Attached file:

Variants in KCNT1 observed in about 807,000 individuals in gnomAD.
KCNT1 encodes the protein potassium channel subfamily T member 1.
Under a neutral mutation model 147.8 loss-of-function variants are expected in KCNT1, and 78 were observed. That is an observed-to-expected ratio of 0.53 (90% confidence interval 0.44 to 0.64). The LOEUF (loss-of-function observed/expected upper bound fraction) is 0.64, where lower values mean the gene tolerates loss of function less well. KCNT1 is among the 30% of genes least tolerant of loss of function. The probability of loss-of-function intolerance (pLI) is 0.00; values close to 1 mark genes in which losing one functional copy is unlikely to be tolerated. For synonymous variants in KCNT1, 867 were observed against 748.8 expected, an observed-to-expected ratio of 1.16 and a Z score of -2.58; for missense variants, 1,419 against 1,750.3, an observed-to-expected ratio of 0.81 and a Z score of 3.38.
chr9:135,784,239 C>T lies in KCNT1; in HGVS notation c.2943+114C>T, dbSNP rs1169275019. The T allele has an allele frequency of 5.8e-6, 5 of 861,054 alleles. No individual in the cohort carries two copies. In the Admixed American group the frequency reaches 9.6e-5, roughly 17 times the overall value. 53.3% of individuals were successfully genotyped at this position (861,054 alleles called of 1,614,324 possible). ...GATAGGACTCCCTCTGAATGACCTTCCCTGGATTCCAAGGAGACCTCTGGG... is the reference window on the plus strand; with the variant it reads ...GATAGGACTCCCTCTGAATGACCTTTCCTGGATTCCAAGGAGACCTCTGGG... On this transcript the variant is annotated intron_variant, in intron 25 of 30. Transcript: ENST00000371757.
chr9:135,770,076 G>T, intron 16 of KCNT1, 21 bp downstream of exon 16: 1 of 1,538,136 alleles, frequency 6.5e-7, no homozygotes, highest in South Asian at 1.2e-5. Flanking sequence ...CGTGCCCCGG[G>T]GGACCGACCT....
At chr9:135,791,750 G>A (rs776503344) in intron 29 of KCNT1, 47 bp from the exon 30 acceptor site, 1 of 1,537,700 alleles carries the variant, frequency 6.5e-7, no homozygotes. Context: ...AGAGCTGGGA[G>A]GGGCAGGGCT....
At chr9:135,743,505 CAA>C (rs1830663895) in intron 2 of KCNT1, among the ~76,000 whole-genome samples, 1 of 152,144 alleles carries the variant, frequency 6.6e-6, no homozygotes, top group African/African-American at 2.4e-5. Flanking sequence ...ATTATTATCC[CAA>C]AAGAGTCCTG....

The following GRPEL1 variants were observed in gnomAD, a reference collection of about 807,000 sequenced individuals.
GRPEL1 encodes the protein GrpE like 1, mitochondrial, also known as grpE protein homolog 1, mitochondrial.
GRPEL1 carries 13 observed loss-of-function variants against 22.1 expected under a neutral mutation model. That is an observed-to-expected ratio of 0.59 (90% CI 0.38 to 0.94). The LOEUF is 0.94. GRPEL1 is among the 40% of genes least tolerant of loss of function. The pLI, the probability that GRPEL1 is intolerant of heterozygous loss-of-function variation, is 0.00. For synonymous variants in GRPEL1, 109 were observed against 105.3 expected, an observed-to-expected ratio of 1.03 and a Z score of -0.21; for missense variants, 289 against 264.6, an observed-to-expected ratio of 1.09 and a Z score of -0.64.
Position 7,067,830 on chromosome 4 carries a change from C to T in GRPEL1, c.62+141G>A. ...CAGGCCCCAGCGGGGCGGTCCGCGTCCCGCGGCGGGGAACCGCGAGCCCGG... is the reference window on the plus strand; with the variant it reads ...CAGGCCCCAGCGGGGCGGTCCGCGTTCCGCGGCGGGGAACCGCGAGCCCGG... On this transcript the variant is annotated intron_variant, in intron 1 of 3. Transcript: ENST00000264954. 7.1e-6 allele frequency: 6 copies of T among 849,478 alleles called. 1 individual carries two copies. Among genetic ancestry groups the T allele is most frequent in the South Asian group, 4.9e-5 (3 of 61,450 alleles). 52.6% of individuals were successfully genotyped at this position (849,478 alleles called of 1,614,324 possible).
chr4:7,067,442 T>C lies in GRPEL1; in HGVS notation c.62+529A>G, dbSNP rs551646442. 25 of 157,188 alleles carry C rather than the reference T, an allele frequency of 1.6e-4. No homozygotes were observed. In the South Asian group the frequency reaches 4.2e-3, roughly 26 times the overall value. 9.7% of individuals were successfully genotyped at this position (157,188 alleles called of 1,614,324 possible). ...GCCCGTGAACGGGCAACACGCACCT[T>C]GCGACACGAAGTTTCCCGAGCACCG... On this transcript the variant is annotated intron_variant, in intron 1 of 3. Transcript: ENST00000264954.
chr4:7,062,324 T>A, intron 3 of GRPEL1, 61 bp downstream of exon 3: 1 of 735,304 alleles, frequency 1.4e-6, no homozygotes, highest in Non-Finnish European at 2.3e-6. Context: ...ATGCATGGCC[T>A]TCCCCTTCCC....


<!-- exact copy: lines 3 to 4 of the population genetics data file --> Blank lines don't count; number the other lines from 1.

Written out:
Under a neutral mutation model 147.8 loss-of-function variants are expected in KCNT1, and 78 were observed. That is an observed-to-expected ratio of 0.53 (90% confidence interval 0.44 to 0.64). The LOEUF (loss-of-function observed/expected upper bound fraction) is 0.64, where lower values mean the gene tolerates loss of function less well. KCNT1 is among the 30% of genes least tolerant of loss of function. The probability of loss-of-function intolerance (pLI) is 0.00; values close to 1 mark genes in which losing one functional copy is unlikely to be tolerated. For synonymous variants in KCNT1, 867 were observed against 748.8 expected, an observed-to-expected ratio of 1.16 and a Z score of -2.58; for missense variants, 1,419 against 1,750.3, an observed-to-expected ratio of 0.81 and a Z score of 3.38.
chr9:135,784,239 C>T lies in KCNT1; in HGVS notation c.2943+114C>T, dbSNP rs1169275019. The T allele has an allele frequency of 5.8e-6, 5 of 861,054 alleles. No individual in the cohort carries two copies. In the Admixed American group the frequency reaches 9.6e-5, roughly 17 times the overall value. 53.3% of individuals were successfully genotyped at this position (861,054 alleles called of 1,614,324 possible). ...GATAGGACTCCCTCTGAATGACCTTCCCTGGATTCCAAGGAGACCTCTGGG... is the reference window on the plus strand; with the variant it reads ...GATAGGACTCCCTCTGAATGACCTTTCCTGGATTCCAAGGAGACCTCTGGG... On this transcript the variant is annotated intron_variant, in intron 25 of 30. Transcript: ENST00000371757.